Gaza Ceasefire: How Many Americans Approve Of How Joe Biden Is Handling The War?
Friday saw a messy negotiation. Following days of confusion, the United Nations Security Council approved a watered-down resolution to boost humanitarian aid to Gaza and calling for urgent steps to create conditions for a “sustainable cessation of hostilities”.
The resolution didn’t demand a suspension of hostilities. The vote had been postponed four times before a version was produced on Thursday night. The following day, all Council members voted for the bid put forward by the UAE, but Russia and the US abstained.
Resolution Lacking Condemnation Of Hamas Attack
The UAE has been regularly stressing the need to find a path towards comprehensive peace and stability in the region. The Gulf state seeks the protection of civilians and sustainable delivery of relief supplies. Furthermore, it has often reiterated the importance of a ceasefire.
The US ambassador to the UN, Linda Thomas-Greenfield, highlighted Washington’s substantial support for the solution, but raised concerns over the updated bid lacking any condemnation of the Hamas attack on October 7 that has triggered the ongoing conflict.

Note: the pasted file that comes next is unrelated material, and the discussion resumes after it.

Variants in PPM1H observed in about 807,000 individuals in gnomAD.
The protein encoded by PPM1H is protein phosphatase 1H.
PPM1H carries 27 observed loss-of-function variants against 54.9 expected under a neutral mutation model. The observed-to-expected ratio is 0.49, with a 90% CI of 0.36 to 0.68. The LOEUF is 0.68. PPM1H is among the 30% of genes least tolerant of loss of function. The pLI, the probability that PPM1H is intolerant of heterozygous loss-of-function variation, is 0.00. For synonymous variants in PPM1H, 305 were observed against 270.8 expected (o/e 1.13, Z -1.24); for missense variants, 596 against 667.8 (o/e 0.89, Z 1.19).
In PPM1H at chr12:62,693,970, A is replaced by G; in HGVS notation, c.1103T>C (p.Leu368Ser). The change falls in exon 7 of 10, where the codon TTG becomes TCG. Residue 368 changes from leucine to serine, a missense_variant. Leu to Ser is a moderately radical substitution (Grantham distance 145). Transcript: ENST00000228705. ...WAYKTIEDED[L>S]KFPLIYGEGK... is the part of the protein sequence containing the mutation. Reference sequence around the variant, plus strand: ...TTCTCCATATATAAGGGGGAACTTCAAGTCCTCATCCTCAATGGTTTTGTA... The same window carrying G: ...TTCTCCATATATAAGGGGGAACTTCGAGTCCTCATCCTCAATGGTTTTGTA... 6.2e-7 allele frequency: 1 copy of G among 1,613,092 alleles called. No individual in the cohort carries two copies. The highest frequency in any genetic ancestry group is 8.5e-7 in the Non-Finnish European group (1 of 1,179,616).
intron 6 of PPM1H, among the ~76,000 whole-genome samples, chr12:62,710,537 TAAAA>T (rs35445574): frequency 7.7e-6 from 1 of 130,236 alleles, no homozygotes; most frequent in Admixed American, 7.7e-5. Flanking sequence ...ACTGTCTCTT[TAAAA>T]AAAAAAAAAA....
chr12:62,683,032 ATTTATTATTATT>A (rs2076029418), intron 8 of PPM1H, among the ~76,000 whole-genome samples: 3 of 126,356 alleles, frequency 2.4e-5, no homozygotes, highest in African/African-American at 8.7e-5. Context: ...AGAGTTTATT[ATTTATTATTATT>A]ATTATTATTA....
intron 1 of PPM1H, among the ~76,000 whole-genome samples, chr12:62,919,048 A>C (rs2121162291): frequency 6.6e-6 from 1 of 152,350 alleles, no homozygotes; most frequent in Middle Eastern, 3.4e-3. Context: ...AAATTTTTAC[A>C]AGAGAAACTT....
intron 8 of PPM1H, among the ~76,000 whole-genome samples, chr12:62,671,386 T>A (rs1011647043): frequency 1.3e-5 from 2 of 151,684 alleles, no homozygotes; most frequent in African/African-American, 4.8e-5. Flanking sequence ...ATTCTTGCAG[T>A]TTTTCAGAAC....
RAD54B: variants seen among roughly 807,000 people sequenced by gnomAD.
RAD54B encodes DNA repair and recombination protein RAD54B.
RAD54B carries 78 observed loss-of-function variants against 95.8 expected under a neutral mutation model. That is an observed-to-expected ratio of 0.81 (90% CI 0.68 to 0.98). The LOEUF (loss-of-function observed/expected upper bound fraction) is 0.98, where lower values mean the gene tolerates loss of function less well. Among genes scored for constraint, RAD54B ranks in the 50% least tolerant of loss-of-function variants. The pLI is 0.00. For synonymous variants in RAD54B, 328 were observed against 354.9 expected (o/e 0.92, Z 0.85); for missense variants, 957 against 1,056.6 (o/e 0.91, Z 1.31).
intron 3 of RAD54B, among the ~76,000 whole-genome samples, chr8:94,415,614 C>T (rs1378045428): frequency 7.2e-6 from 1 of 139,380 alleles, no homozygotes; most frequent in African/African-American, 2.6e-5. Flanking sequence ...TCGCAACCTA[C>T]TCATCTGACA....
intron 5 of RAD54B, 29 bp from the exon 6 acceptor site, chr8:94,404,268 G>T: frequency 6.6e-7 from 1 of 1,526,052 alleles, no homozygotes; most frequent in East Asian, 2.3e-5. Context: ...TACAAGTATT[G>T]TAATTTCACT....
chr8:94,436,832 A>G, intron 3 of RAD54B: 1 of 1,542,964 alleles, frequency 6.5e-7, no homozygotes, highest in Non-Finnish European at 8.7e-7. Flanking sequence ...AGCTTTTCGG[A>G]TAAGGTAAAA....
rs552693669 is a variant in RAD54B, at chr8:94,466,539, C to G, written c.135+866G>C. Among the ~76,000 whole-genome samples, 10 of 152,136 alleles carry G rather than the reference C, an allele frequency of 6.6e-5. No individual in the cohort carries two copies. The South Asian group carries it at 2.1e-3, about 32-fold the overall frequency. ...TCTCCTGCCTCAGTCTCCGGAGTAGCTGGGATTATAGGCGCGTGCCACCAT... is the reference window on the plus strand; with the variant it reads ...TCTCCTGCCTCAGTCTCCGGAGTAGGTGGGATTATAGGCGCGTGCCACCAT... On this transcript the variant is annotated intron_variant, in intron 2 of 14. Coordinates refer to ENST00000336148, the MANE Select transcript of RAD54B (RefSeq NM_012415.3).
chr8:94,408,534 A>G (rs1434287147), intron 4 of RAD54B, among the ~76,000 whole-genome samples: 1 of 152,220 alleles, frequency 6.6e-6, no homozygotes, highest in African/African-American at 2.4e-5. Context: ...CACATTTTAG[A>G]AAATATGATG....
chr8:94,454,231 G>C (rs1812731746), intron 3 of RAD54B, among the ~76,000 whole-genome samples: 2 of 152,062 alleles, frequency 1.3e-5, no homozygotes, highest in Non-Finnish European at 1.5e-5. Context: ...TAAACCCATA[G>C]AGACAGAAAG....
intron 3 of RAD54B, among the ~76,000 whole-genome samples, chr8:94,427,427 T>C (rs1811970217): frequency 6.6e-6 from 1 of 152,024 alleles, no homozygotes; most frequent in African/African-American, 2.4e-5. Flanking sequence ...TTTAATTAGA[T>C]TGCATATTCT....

The death toll in Gaza now stands at 20,000. Most people have been driven from their homes. Half a million people face catastrophic hunger. Scores of Gazans are cold and ravaged by disease, crammed into overcrowded shelters, facing serious shortages of basic supplies.
Biden’s Reluctance To Call For Gaza Ceasefire
The US position has evolved in response to the exacerbating crisis in Gaza. The country is now pressing Israel to find different methods to prosecute the conflict to minimise casualties and create corridors for humanitarian aid, as well as to plan for the long term.
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According to New York Times/Siena College poll, nearly three quarters of voters aged between 18 and 29 disapprove of the way President Joe Biden is handling the Gaza crisis. As more Democrats shift in favour of a ceasefire, he may find himself not leading but following.